SERIOUS allegations of corruption, tenders benefit facilitation, corporate self-gratification and shifting board room chairs are playing out at the South African Maritime Safety Authority (Samsa) as the entity remains silent on the progress of a forensic investigation it launched last year.
Samsa said in November it had hired independent firm of forensic investigators, Morar Incorporated, to probe allegations of misconduct and whistle-blowing reports.
This as three senior executives were suspended since April last on full pay, while the Minister of Transport Fikile Mbalula remains mum.
The three ejected executives, chief executive Sobantu Tilayi, company secretary Moyahabo Raphadu, and chief human capital officer Lesego Mashishi, were placed on precautionary suspension with pay from April 26, 2021 amid allegations of misconduct.
Samsa and the Department of Transport have repeatedly avoided replies to enquiries sent by Business Report about progress reports on the investigation and what timeline to expect an outcome, with the last enquiry sent to Tshegofatso Maake going unanswered two weeks later.
Business Report contacted the suspended executives recently, who said they had still not been been contacted with regard to the probe, despite the appointment of forensic auditors to look into the allegations, which had resulted in their prolonged suspension.
Sources though are pointing to orchestrated moves at both board and executive-level to oust dissenting voices on large scale corruption, and instead to populate both structures with people who would facilitate the dubious transactions at the authority.
“I am in the dark about what is going on there since April. We have been completely blocked out. There is something they want to do there. There are some commercial transactions that are going on, which would not meet approval. I have been in the corporate world for so long, I know there is political protection of some people, some of it from the shareholder,” one of three executives told Business Report.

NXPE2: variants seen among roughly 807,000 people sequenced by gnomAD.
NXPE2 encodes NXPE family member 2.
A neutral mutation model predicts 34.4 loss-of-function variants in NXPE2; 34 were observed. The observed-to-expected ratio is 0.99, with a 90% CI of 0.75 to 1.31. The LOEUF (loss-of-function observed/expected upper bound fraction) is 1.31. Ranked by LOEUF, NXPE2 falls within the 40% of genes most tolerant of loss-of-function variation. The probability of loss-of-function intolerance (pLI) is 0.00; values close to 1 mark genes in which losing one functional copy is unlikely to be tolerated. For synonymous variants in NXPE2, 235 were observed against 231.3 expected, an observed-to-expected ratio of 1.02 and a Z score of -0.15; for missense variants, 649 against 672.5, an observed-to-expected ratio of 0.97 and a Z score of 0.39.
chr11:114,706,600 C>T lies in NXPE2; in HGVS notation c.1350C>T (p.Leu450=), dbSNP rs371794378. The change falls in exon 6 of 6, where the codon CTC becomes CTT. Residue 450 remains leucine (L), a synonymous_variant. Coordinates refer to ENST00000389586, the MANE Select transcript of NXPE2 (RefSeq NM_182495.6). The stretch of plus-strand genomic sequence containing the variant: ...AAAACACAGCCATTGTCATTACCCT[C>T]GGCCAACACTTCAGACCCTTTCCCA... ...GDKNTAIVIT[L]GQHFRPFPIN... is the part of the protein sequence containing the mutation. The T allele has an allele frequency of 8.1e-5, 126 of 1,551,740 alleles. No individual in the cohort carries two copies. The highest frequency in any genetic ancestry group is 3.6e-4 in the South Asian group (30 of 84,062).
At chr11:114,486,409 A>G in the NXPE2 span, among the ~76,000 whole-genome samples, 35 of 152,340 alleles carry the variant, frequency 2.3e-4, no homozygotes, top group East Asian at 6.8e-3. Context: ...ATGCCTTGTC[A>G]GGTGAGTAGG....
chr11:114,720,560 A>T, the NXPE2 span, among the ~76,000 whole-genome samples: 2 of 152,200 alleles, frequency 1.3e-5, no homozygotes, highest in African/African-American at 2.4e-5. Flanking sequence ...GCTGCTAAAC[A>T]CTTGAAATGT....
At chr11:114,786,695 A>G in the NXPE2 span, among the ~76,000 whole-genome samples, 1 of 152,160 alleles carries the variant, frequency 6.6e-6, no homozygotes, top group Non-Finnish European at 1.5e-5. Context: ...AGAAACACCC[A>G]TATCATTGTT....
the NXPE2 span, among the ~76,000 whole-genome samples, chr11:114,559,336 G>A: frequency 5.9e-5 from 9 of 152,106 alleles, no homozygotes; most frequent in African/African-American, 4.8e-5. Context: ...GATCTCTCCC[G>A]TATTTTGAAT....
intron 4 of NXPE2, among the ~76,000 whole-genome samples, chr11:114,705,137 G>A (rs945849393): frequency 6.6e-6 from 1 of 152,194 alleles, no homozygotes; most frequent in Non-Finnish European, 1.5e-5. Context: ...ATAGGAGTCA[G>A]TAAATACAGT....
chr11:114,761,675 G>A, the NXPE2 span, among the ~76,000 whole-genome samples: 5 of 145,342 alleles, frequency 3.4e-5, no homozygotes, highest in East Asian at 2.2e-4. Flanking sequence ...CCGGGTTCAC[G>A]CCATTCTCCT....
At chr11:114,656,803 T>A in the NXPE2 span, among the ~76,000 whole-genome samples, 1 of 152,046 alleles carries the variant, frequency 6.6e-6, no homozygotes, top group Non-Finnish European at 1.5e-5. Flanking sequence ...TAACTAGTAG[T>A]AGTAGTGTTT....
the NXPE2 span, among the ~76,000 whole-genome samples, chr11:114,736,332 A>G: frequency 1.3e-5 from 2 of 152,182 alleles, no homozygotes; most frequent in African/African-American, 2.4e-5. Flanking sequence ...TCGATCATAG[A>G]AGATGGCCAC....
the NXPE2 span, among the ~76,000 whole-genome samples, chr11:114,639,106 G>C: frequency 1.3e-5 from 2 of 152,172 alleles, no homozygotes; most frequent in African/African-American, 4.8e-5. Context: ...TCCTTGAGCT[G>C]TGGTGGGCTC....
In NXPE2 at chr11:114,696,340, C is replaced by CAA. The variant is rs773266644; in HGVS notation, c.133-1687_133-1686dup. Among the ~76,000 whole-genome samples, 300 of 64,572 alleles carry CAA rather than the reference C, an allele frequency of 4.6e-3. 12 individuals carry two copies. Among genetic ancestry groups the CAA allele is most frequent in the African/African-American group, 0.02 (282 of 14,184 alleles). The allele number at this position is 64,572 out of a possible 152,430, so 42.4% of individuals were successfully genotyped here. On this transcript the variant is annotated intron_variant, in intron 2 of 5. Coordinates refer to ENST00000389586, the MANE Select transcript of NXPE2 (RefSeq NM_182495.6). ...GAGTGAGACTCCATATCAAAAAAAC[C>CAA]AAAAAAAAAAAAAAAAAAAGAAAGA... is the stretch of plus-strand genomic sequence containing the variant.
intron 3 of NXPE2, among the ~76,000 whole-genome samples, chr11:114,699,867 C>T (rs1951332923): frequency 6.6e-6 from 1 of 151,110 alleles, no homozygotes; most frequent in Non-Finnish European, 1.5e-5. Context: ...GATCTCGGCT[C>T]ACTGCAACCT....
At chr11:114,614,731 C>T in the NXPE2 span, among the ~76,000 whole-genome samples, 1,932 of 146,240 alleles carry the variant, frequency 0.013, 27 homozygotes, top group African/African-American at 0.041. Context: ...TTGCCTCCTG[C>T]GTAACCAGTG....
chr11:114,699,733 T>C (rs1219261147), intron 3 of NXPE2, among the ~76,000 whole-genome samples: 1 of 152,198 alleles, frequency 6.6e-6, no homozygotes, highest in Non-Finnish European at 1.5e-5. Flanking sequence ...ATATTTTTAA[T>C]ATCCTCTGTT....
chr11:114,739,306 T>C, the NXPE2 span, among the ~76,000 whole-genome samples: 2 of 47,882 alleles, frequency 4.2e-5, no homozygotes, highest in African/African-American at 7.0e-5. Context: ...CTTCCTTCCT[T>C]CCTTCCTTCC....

Department of Transport director, Tsepiso Taoana-Mashiloane, as acting chief executive of the agency, has reportedly increased her remuneration from R1.2 million to R3m per year.
However, Daily Maverick reported that according to Samsa’s latest annual report, Tilayi earned a basic income of R1.96m last year (total package R3.1m), Raphadu was paid a salary of R1.7m (total package R2.3m), while Mashishi collected R1.4m (total package R2.01m).
Suspicions have been heightened with the inclusion at board and corporate structures of two officials in particular, Lucal Hloudi and Bheka Zulu, who had previously been dismissed from the institution by court sanction, and another dismissed by the Moses Kotane municipalities.
There were also strong suspicions of conflict of interest as some of the current board and executive officials are invested in entities doing business with Samsa, which would also result in kickbacks.
“I have approached the courts to state my case because I was suspended with malicious intent, there was a conspiracy which involved a fake complainant, but I can prove there was collusion between Hloudi, the SA Marine Insurers and an organisation of the disabled,” a suspended official alleged.
BUSINESS REPORT ONLINE